There is an expectation that the neurologically-fixed sense of inadequacy of the formerly-disadvantaged people, and the [fixed sense] sense of superiority of formerly-advantaged people, do not exist, and that, regardless of the Christian-Nationalistic dogma that had been drummed into us, this situation has been miraculously resolved like an aspirin tablet in water and that everyone must now “look to the future”, like children skipping about under a rainbow.

The psychological damage, on both sides, is not recognized. It concerns me, and all that I can/want to do is to make stories of it. I want, via my narratives, to remind people of a history that has left wounds. Research into the “genealogy of wounding” (as one commentator described Met Koffer en Kaart) [meaning “With Suitcase and Map”, Gunter’s 2011 anthology], and the investigation of it, are necessary before healing can take place; it will not help to cover up the carbuncle with sticky plasters.

Therefore, my satirized(?) Fransina – the Afrikaans “angel” of that history, who, with her political naiveté and “innocence”, ends up in the middle of the chaos of guerrilla warfare. (I put a question-mark after “satirized” since many readers have assured me that they identified too strongly with her to find her amusing!) [I felt the same.]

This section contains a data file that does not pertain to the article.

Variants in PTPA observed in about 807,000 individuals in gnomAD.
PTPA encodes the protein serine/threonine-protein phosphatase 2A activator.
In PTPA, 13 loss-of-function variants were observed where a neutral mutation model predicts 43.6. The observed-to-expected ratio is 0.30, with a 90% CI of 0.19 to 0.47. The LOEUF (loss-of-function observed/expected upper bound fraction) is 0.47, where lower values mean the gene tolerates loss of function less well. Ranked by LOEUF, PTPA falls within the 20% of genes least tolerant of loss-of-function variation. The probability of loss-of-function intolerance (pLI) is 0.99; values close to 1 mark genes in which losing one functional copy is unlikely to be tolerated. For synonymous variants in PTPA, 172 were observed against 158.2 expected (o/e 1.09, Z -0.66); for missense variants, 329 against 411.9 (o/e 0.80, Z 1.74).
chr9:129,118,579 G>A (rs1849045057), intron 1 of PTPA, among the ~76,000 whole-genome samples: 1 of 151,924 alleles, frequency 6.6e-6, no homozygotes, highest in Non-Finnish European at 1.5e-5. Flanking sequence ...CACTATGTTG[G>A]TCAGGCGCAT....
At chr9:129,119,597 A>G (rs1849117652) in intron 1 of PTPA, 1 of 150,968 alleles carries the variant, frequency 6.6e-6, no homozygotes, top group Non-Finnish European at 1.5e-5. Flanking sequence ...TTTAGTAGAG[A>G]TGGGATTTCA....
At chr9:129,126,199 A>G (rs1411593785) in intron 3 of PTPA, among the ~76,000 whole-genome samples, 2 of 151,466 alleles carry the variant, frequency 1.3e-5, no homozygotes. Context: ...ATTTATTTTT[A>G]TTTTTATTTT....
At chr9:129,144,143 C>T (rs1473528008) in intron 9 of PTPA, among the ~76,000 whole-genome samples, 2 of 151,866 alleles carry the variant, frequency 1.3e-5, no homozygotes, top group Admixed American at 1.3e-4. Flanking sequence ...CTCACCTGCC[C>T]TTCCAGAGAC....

I hope this answers your question.

When We Were Orphans, by Kazuo Ishiguro (Publisher: Faber and Faber, UK, 2000, 1st edition)

Last night I was reading When We Were Orphans by Kazuo Ishiguro:

‘I felt, not for the first time since arriving in Shanghai, a wave of revulsion towards them…  What has quietly shocked me, from the moment of my arrival, is the refusal of everyone here to acknowledge their drastic culpability. During this fortnight I have been here, throughout all my dealings with these citizens, high or low, I have not witnessed – not once – anything that could pass for honest shame. Here, …, is a pathetic conspiracy of denial; a denial of responsibility which has turned in on itself and gone sour, manifesting itself in the sort of pompous defensiveness I have encountered so often.’

It was as if the comparison with the current situation in South Africa jumped out at me from the page.